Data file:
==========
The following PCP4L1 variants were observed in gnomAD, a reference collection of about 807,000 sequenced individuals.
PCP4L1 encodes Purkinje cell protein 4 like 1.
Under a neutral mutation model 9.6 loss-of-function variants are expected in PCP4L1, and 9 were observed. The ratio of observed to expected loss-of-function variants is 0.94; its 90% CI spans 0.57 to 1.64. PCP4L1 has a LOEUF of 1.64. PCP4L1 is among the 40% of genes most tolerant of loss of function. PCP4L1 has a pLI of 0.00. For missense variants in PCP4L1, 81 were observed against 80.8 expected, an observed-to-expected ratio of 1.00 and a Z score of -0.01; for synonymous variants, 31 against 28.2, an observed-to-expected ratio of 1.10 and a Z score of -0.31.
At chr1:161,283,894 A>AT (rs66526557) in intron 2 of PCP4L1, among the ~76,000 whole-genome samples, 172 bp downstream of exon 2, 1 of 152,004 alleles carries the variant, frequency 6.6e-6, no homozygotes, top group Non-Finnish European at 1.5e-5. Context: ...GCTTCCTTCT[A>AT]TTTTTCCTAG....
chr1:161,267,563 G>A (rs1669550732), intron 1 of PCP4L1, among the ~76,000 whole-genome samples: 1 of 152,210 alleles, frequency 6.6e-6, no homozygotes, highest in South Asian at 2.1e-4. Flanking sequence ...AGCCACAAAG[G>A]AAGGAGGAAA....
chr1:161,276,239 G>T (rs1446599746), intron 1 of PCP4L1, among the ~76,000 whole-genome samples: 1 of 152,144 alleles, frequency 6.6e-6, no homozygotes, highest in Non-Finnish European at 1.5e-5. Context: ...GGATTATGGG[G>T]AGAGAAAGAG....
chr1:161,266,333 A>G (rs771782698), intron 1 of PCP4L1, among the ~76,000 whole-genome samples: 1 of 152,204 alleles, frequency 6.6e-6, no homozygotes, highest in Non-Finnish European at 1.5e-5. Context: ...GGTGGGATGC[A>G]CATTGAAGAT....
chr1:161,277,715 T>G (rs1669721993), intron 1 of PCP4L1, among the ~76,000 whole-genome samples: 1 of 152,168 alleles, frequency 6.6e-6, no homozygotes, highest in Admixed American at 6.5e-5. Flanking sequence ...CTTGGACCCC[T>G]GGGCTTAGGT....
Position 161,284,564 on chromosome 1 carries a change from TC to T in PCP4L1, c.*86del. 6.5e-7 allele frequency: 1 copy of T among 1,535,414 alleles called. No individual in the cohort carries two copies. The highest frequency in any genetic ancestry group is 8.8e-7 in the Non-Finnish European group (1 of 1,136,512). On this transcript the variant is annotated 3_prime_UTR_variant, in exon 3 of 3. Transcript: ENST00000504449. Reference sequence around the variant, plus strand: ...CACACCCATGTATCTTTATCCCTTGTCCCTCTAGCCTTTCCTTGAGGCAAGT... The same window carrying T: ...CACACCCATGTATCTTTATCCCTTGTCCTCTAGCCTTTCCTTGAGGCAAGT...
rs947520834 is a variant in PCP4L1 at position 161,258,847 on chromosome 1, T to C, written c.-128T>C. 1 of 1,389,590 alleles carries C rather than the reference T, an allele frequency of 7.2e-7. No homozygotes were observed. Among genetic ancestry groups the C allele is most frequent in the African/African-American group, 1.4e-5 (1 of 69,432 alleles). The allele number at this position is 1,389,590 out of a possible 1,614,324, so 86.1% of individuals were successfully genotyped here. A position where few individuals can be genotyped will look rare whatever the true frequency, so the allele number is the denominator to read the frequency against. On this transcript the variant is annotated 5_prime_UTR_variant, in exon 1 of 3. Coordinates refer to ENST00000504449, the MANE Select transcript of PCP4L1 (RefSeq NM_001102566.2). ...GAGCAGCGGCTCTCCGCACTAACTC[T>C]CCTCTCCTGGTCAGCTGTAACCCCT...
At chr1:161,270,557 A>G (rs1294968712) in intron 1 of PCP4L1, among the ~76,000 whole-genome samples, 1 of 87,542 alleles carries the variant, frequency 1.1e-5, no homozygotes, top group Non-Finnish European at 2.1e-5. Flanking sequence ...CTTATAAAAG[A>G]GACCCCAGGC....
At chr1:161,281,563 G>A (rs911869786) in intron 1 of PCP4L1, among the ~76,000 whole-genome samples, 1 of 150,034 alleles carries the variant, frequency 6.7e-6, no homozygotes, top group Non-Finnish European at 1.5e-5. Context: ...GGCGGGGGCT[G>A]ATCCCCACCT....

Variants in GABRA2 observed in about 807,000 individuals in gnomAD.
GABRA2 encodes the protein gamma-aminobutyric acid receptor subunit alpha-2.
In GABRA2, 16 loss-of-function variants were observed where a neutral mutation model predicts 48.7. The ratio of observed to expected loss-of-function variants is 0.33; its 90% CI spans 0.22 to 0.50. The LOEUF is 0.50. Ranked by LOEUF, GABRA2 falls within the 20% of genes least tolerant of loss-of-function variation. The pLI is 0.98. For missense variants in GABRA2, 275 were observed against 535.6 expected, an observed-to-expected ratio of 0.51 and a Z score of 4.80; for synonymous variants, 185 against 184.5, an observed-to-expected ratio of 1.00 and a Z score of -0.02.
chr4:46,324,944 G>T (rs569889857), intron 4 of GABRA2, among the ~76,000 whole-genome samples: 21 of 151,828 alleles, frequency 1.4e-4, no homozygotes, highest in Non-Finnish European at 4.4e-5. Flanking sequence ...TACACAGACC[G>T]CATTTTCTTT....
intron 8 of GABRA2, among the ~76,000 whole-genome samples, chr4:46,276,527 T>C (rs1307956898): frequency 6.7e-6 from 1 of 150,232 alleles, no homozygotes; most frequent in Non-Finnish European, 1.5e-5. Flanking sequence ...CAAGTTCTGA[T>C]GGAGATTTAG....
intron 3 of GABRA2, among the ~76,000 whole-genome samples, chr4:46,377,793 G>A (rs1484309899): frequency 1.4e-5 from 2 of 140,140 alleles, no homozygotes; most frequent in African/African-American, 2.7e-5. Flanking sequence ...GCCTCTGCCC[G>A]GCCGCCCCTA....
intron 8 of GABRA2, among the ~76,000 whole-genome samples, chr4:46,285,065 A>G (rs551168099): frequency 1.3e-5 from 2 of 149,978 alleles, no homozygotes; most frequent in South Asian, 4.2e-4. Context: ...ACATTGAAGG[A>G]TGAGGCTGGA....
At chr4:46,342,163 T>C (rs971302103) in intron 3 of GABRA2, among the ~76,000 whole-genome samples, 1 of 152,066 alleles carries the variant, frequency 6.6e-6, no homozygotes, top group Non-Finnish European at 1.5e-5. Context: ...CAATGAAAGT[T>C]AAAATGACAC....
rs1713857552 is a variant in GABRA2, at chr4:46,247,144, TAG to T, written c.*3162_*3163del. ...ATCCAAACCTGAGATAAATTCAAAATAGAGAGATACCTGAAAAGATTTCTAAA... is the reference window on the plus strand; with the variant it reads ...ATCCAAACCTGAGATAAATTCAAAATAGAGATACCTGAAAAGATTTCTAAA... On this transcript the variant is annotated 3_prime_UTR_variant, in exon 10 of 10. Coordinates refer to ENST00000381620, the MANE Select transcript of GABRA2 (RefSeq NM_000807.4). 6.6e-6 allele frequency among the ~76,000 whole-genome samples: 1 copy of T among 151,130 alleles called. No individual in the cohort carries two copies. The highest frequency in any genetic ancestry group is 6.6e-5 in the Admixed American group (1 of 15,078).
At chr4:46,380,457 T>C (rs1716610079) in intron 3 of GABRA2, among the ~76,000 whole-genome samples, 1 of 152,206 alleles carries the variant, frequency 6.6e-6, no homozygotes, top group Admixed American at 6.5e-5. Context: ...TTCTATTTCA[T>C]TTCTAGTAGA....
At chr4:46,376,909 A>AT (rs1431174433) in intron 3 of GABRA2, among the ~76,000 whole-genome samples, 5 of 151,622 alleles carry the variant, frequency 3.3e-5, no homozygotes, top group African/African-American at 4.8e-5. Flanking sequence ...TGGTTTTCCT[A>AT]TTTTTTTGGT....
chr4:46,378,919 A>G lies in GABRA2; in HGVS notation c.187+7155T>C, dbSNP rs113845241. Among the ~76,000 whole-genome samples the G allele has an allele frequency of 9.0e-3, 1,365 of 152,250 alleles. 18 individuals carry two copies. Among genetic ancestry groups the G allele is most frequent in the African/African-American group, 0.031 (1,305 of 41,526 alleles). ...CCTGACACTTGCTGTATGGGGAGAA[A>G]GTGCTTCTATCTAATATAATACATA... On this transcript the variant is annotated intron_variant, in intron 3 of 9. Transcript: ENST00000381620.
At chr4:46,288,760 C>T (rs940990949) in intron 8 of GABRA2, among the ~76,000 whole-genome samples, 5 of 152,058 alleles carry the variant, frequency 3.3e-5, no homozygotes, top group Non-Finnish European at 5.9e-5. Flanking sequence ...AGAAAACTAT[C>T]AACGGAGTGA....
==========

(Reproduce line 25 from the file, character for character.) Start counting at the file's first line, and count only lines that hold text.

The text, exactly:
At chr4:46,288,760 C>T (rs940990949) in intron 8 of GABRA2, among the ~76,000 whole-genome samples, 5 of 152,058 alleles carry the variant, frequency 3.3e-5, no homozygotes, top group Non-Finnish European at 5.9e-5. Flanking sequence ...AGAAAACTAT[C>T]AACGGAGTGA....